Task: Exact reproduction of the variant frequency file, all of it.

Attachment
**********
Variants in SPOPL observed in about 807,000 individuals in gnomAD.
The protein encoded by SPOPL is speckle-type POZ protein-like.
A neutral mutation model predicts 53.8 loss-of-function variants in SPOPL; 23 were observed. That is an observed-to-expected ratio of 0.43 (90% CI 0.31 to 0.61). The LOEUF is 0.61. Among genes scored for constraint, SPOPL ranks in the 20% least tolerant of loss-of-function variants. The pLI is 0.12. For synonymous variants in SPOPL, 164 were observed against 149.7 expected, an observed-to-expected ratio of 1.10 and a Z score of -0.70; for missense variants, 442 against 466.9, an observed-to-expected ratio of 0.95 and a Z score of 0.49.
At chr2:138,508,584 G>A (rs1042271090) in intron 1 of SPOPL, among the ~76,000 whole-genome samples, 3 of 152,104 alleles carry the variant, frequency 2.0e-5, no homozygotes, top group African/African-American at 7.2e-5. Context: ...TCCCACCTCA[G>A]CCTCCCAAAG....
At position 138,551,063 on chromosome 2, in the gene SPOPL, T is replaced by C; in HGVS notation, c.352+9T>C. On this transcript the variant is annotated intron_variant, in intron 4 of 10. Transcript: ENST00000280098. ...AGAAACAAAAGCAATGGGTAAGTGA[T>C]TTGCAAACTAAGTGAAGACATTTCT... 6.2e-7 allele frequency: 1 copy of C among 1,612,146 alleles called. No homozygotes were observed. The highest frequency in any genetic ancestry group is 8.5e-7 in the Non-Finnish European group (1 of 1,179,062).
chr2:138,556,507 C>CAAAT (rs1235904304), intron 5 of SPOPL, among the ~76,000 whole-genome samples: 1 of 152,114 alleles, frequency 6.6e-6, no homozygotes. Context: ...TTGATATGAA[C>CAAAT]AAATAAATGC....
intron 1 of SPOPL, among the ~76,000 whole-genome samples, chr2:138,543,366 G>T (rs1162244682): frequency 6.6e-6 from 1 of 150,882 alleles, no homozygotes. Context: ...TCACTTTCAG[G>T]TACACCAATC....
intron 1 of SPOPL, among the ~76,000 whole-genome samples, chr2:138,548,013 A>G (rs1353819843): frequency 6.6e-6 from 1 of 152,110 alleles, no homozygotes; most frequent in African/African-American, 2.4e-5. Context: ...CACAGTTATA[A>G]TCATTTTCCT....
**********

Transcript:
Variants in SPOPL observed in about 807,000 individuals in gnomAD.
The protein encoded by SPOPL is speckle-type POZ protein-like.
A neutral mutation model predicts 53.8 loss-of-function variants in SPOPL; 23 were observed. That is an observed-to-expected ratio of 0.43 (90% CI 0.31 to 0.61). The LOEUF is 0.61. Among genes scored for constraint, SPOPL ranks in the 20% least tolerant of loss-of-function variants. The pLI is 0.12. For synonymous variants in SPOPL, 164 were observed against 149.7 expected, an observed-to-expected ratio of 1.10 and a Z score of -0.70; for missense variants, 442 against 466.9, an observed-to-expected ratio of 0.95 and a Z score of 0.49.
At chr2:138,508,584 G>A (rs1042271090) in intron 1 of SPOPL, among the ~76,000 whole-genome samples, 3 of 152,104 alleles carry the variant, frequency 2.0e-5, no homozygotes, top group African/African-American at 7.2e-5. Context: ...TCCCACCTCA[G>A]CCTCCCAAAG....
At position 138,551,063 on chromosome 2, in the gene SPOPL, T is replaced by C; in HGVS notation, c.352+9T>C. On this transcript the variant is annotated intron_variant, in intron 4 of 10. Transcript: ENST00000280098. ...AGAAACAAAAGCAATGGGTAAGTGA[T>C]TTGCAAACTAAGTGAAGACATTTCT... 6.2e-7 allele frequency: 1 copy of C among 1,612,146 alleles called. No homozygotes were observed. The highest frequency in any genetic ancestry group is 8.5e-7 in the Non-Finnish European group (1 of 1,179,062).
chr2:138,556,507 C>CAAAT (rs1235904304), intron 5 of SPOPL, among the ~76,000 whole-genome samples: 1 of 152,114 alleles, frequency 6.6e-6, no homozygotes. Context: ...TTGATATGAA[C>CAAAT]AAATAAATGC....
intron 1 of SPOPL, among the ~76,000 whole-genome samples, chr2:138,543,366 G>T (rs1162244682): frequency 6.6e-6 from 1 of 150,882 alleles, no homozygotes. Context: ...TCACTTTCAG[G>T]TACACCAATC....
intron 1 of SPOPL, among the ~76,000 whole-genome samples, chr2:138,548,013 A>G (rs1353819843): frequency 6.6e-6 from 1 of 152,110 alleles, no homozygotes; most frequent in African/African-American, 2.4e-5. Context: ...CACAGTTATA[A>G]TCATTTTCCT....